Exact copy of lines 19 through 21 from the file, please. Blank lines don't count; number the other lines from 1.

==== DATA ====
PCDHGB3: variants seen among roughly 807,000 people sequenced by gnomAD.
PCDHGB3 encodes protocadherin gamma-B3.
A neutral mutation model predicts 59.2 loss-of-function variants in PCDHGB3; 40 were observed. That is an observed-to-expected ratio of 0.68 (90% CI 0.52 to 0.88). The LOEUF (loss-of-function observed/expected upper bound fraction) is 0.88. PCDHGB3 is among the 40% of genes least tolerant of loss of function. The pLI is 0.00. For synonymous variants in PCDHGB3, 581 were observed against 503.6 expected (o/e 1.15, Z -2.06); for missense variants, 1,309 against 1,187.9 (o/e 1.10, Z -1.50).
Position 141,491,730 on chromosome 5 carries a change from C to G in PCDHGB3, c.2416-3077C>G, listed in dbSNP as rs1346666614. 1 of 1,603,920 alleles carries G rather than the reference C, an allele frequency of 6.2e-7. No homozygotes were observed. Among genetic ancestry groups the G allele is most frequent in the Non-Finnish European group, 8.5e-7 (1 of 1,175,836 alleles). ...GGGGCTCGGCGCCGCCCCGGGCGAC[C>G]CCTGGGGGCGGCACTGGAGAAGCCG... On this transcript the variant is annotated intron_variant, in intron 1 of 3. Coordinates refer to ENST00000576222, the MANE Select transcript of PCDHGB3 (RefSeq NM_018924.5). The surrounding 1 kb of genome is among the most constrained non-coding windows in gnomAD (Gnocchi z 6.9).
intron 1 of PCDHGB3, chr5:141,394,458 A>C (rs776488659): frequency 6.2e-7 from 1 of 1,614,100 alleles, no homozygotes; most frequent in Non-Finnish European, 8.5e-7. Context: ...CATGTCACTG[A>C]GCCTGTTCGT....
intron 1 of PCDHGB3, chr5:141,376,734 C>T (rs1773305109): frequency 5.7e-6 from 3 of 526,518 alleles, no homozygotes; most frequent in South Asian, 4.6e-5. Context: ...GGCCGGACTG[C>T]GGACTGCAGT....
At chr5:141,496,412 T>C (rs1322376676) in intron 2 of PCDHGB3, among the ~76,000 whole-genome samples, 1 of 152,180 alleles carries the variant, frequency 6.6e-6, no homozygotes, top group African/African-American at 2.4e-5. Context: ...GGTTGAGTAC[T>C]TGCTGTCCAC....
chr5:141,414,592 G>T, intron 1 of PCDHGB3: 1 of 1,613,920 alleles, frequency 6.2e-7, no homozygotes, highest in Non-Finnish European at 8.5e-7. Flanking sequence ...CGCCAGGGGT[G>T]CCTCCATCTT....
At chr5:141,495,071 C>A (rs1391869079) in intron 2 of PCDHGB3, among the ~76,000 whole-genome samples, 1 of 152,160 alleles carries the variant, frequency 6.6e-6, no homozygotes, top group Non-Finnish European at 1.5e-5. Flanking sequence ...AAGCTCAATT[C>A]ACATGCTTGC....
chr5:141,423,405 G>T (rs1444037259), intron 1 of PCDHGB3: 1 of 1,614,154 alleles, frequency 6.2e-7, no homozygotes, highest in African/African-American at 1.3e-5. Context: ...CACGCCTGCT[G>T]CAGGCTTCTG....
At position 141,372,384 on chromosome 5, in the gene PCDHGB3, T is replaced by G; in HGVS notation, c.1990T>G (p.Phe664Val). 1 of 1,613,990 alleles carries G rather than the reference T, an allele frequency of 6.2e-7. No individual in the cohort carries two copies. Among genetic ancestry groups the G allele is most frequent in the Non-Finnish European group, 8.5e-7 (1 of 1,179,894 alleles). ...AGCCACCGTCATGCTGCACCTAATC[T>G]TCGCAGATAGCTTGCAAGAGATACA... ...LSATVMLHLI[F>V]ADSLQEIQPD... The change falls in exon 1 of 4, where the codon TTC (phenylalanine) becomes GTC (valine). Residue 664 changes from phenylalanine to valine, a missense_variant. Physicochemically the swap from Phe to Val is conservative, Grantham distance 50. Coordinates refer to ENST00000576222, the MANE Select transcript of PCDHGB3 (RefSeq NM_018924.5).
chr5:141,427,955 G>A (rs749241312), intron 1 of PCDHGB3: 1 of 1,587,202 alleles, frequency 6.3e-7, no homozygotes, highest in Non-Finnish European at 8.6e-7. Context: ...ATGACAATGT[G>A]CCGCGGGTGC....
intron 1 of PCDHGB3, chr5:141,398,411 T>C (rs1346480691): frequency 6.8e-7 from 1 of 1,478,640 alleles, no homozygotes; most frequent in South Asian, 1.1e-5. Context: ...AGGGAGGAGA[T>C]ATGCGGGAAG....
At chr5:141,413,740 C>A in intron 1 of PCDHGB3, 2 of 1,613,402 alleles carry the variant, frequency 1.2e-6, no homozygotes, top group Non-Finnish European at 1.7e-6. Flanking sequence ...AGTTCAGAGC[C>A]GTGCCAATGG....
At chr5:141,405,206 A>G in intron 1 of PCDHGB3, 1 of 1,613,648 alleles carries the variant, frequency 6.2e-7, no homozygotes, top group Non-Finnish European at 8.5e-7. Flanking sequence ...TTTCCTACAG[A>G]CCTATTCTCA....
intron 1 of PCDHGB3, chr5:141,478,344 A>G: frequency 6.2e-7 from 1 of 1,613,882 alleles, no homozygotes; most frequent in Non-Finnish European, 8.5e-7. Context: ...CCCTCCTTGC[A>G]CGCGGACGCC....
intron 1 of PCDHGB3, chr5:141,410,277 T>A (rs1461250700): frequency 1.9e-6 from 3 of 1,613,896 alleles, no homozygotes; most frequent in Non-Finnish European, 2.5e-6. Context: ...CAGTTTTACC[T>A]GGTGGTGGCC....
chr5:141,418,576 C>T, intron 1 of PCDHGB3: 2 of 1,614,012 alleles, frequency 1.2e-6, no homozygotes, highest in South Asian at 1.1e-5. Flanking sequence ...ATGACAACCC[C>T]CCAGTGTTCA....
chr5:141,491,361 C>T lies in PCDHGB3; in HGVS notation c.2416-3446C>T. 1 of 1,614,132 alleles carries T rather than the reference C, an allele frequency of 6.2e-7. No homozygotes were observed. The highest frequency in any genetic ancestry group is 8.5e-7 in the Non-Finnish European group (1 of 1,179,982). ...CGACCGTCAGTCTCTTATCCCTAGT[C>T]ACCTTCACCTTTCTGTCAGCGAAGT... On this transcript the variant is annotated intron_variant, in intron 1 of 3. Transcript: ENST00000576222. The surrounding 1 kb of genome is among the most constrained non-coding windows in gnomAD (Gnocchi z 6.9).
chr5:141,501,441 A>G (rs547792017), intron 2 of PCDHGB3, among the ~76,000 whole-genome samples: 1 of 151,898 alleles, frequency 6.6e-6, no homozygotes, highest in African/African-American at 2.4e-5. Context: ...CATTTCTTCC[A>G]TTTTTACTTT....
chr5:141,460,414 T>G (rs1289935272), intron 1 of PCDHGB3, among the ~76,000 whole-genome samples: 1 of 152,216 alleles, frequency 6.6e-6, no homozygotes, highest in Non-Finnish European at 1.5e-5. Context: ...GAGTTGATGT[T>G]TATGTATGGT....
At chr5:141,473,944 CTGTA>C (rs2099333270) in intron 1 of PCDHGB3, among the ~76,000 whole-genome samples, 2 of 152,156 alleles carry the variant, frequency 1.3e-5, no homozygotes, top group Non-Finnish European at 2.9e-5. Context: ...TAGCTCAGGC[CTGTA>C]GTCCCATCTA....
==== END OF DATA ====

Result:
chr5:141,491,361 C>T lies in PCDHGB3; in HGVS notation c.2416-3446C>T. 1 of 1,614,132 alleles carries T rather than the reference C, an allele frequency of 6.2e-7. No homozygotes were observed. The highest frequency in any genetic ancestry group is 8.5e-7 in the Non-Finnish European group (1 of 1,179,982). ...CGACCGTCAGTCTCTTATCCCTAGT[C>T]ACCTTCACCTTTCTGTCAGCGAAGT... On this transcript the variant is annotated intron_variant, in intron 1 of 3. Transcript: ENST00000576222. The surrounding 1 kb of genome is among the most constrained non-coding windows in gnomAD (Gnocchi z 6.9).
chr5:141,501,441 A>G (rs547792017), intron 2 of PCDHGB3, among the ~76,000 whole-genome samples: 1 of 151,898 alleles, frequency 6.6e-6, no homozygotes, highest in African/African-American at 2.4e-5. Context: ...CATTTCTTCC[A>G]TTTTTACTTT....
chr5:141,460,414 T>G (rs1289935272), intron 1 of PCDHGB3, among the ~76,000 whole-genome samples: 1 of 152,216 alleles, frequency 6.6e-6, no homozygotes, highest in Non-Finnish European at 1.5e-5. Context: ...GAGTTGATGT[T>G]TATGTATGGT....